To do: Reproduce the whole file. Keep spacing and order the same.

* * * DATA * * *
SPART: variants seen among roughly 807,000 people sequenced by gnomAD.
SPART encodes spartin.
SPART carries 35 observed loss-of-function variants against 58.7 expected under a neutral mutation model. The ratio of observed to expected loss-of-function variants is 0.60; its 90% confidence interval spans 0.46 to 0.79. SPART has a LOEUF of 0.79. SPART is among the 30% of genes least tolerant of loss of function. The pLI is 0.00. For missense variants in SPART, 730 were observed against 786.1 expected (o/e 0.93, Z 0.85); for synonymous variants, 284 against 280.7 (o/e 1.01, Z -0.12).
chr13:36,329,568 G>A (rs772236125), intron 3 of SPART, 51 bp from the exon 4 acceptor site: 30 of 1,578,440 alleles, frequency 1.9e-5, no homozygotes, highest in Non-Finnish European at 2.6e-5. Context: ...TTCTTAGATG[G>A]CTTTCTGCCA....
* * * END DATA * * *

SPART: variants seen among roughly 807,000 people sequenced by gnomAD.
SPART encodes spartin.
SPART carries 35 observed loss-of-function variants against 58.7 expected under a neutral mutation model. The ratio of observed to expected loss-of-function variants is 0.60; its 90% confidence interval spans 0.46 to 0.79. SPART has a LOEUF of 0.79. SPART is among the 30% of genes least tolerant of loss of function. The pLI is 0.00. For missense variants in SPART, 730 were observed against 786.1 expected (o/e 0.93, Z 0.85); for synonymous variants, 284 against 280.7 (o/e 1.01, Z -0.12).
chr13:36,329,568 G>A (rs772236125), intron 3 of SPART, 51 bp from the exon 4 acceptor site: 30 of 1,578,440 alleles, frequency 1.9e-5, no homozygotes, highest in Non-Finnish European at 2.6e-5. Context: ...TTCTTAGATG[G>A]CTTTCTGCCA....